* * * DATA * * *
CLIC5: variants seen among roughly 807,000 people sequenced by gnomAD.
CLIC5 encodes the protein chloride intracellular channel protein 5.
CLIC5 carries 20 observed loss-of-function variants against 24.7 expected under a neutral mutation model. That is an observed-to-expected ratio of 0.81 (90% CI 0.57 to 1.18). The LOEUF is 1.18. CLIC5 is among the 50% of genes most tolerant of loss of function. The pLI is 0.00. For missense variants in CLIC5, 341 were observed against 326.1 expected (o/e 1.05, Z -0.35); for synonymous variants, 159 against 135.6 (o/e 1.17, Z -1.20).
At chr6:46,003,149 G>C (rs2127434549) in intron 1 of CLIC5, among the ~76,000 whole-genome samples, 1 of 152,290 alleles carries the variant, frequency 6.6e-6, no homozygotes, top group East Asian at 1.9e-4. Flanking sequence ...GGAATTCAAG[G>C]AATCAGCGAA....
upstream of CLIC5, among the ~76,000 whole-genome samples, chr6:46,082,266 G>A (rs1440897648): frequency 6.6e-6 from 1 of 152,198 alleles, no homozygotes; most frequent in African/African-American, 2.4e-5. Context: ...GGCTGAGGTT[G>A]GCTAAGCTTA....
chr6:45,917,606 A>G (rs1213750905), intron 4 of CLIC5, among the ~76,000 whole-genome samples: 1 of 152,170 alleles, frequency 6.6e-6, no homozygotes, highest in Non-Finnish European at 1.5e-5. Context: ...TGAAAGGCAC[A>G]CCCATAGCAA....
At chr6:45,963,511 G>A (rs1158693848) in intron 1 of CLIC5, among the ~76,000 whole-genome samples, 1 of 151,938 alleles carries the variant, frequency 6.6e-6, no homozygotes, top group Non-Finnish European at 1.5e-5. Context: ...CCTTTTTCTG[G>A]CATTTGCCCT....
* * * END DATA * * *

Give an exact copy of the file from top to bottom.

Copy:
CLIC5: variants seen among roughly 807,000 people sequenced by gnomAD.
CLIC5 encodes the protein chloride intracellular channel protein 5.
CLIC5 carries 20 observed loss-of-function variants against 24.7 expected under a neutral mutation model. That is an observed-to-expected ratio of 0.81 (90% CI 0.57 to 1.18). The LOEUF is 1.18. CLIC5 is among the 50% of genes most tolerant of loss of function. The pLI is 0.00. For missense variants in CLIC5, 341 were observed against 326.1 expected (o/e 1.05, Z -0.35); for synonymous variants, 159 against 135.6 (o/e 1.17, Z -1.20).
At chr6:46,003,149 G>C (rs2127434549) in intron 1 of CLIC5, among the ~76,000 whole-genome samples, 1 of 152,290 alleles carries the variant, frequency 6.6e-6, no homozygotes, top group East Asian at 1.9e-4. Flanking sequence ...GGAATTCAAG[G>C]AATCAGCGAA....
upstream of CLIC5, among the ~76,000 whole-genome samples, chr6:46,082,266 G>A (rs1440897648): frequency 6.6e-6 from 1 of 152,198 alleles, no homozygotes; most frequent in African/African-American, 2.4e-5. Context: ...GGCTGAGGTT[G>A]GCTAAGCTTA....
chr6:45,917,606 A>G (rs1213750905), intron 4 of CLIC5, among the ~76,000 whole-genome samples: 1 of 152,170 alleles, frequency 6.6e-6, no homozygotes, highest in Non-Finnish European at 1.5e-5. Context: ...TGAAAGGCAC[A>G]CCCATAGCAA....
At chr6:45,963,511 G>A (rs1158693848) in intron 1 of CLIC5, among the ~76,000 whole-genome samples, 1 of 151,938 alleles carries the variant, frequency 6.6e-6, no homozygotes, top group Non-Finnish European at 1.5e-5. Context: ...CCTTTTTCTG[G>A]CATTTGCCCT....